Anthropology Essay

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Anthropology essay

Anthropology essay

E.B. Taylor (1832-1917), of the so-called English school of anthropology, is regarded as the founding father of anthropology of religion. His works still widely read, in particular in religious studies, where he is also regarded as a founder of sorts. But his legacy has become thin in recent years and, in practical terms, throughout both disciplines; his influence is but a memory. In general this is because of his most well known theory, in which Taylor applied evolutionary theory to the study of religion, assuming that stages of material "advancement" corresponded with those of a spiritual nature. In his most famous work, he formulated a theory of animism as the earliest, "primitive" stage of religion. Taylor was joined, in both England and France, by a host of fellow travelers, including James Frazer (1854-1941), whose comparative mythologies were so inspiring to later study and R.R. Marett (1866-1943), who proposed a pre-animistic stage of religion.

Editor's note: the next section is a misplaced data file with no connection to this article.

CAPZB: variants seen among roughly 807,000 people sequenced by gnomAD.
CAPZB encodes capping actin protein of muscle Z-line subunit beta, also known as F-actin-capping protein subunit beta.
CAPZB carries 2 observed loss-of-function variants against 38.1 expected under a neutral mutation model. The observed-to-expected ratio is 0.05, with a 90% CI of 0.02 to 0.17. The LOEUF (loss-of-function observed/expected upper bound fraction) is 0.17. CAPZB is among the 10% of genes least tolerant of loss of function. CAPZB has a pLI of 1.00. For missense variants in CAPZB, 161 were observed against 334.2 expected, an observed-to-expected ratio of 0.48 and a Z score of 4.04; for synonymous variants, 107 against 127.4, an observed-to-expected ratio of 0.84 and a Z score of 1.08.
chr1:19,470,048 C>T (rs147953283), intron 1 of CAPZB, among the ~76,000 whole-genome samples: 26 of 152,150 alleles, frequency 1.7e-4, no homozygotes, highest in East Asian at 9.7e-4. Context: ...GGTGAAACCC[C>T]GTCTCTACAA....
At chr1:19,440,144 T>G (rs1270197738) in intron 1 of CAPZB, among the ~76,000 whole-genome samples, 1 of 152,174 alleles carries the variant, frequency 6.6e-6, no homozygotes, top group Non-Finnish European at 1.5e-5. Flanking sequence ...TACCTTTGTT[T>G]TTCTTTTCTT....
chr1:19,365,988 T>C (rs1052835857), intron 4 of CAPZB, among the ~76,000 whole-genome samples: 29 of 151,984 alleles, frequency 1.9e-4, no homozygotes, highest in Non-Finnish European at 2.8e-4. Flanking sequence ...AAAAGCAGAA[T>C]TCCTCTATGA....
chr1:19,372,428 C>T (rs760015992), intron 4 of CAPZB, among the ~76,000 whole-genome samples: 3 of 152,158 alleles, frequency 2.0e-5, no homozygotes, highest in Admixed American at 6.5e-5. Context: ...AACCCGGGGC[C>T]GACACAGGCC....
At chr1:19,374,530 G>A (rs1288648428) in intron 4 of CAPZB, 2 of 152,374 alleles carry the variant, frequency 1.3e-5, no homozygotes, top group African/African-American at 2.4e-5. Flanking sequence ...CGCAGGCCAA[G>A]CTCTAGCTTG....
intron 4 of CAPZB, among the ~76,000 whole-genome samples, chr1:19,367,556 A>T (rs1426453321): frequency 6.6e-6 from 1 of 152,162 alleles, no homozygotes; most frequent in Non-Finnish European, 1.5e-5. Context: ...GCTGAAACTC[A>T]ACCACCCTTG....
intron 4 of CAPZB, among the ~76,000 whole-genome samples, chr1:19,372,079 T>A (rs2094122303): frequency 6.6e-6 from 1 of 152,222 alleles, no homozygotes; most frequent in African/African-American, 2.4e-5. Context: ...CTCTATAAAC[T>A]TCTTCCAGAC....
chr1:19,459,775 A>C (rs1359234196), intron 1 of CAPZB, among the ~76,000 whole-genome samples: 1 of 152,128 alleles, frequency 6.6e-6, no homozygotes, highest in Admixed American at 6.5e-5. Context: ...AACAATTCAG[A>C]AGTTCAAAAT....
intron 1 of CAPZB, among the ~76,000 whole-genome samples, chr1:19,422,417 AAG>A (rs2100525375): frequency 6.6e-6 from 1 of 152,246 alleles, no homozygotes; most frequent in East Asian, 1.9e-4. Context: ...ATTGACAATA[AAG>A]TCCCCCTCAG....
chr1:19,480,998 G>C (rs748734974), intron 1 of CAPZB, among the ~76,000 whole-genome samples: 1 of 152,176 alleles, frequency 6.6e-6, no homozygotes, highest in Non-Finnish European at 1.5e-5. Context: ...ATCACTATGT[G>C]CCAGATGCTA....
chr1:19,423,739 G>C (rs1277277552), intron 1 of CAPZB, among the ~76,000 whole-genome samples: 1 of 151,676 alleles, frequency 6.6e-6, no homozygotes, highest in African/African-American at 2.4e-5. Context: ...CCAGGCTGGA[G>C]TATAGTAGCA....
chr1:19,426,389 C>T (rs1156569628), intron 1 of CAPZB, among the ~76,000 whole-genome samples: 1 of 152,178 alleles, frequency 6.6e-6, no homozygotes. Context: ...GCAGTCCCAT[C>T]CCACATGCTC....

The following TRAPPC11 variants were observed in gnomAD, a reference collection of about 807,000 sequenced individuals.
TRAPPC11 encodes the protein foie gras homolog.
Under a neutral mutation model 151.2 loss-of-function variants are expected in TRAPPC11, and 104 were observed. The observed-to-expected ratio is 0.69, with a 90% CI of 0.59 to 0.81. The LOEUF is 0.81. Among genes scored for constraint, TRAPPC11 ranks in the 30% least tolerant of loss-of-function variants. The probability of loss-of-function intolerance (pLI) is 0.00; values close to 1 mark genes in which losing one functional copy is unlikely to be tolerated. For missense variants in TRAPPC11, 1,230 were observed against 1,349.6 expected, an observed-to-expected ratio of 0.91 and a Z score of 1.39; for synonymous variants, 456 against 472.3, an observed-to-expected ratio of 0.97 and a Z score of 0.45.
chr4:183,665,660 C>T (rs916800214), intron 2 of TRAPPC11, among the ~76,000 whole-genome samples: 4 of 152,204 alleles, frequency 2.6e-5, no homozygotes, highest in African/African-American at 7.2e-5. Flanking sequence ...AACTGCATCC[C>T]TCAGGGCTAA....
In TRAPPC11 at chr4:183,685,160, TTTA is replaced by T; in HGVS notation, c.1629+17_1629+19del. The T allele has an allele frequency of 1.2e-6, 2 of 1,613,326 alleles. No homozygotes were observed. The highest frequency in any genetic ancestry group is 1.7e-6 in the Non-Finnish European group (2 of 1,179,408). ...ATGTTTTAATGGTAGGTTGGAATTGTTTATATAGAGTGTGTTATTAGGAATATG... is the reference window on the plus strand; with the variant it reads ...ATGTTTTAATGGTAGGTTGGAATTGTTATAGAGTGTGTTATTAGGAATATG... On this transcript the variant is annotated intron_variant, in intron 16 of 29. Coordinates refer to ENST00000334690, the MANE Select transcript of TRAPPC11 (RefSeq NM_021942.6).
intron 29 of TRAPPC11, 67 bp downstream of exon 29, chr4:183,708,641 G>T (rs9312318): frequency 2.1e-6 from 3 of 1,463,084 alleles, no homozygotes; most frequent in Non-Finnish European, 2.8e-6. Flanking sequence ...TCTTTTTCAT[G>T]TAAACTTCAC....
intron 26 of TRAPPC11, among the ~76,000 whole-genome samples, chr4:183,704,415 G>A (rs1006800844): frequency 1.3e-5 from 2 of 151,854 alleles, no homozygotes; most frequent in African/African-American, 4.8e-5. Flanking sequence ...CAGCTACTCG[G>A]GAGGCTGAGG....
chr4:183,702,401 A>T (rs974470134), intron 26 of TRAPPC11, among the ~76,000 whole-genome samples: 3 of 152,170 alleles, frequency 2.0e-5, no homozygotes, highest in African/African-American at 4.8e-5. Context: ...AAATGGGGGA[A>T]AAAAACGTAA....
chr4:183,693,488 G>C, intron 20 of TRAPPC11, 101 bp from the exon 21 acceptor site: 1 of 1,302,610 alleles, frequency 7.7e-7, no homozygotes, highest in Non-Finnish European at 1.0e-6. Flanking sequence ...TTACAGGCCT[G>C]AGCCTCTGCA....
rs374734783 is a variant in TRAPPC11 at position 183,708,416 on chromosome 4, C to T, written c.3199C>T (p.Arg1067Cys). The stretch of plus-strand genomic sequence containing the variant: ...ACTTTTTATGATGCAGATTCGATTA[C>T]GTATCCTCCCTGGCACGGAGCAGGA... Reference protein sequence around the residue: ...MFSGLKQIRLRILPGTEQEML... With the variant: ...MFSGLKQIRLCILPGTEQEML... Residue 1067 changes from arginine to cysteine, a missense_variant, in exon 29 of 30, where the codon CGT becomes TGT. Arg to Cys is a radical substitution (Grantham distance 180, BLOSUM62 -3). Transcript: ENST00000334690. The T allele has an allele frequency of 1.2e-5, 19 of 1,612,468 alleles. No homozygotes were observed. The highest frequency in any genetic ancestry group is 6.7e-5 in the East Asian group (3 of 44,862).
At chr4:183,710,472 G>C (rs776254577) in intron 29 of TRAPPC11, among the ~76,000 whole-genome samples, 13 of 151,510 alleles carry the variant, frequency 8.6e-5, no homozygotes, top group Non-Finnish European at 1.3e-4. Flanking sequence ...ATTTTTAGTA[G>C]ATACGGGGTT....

Fundamentally, then the anthropology of religion must quite simply be seen as the application of the weight of anthropological theory and method to the analytical and social quandary of religion or religions-What is it? What are they? What do we speak of when we speak of "religion" and how does that relate to particular religions'? What makes religion? What does it do for us? Other disciplines ask the same or similar questions, but in anthropology the focus of the analysis is generally ethnographic. While in history of religion, for example, in asking the same questions of world religions, may look for answers in the literary record, in myth, and the work of religious professionals in world religions anthropology has tended to focus its efforts in ethnography. Of course, anthropologists of religion have never shied away from dealing with the broadest range of religious experiences and values, ...
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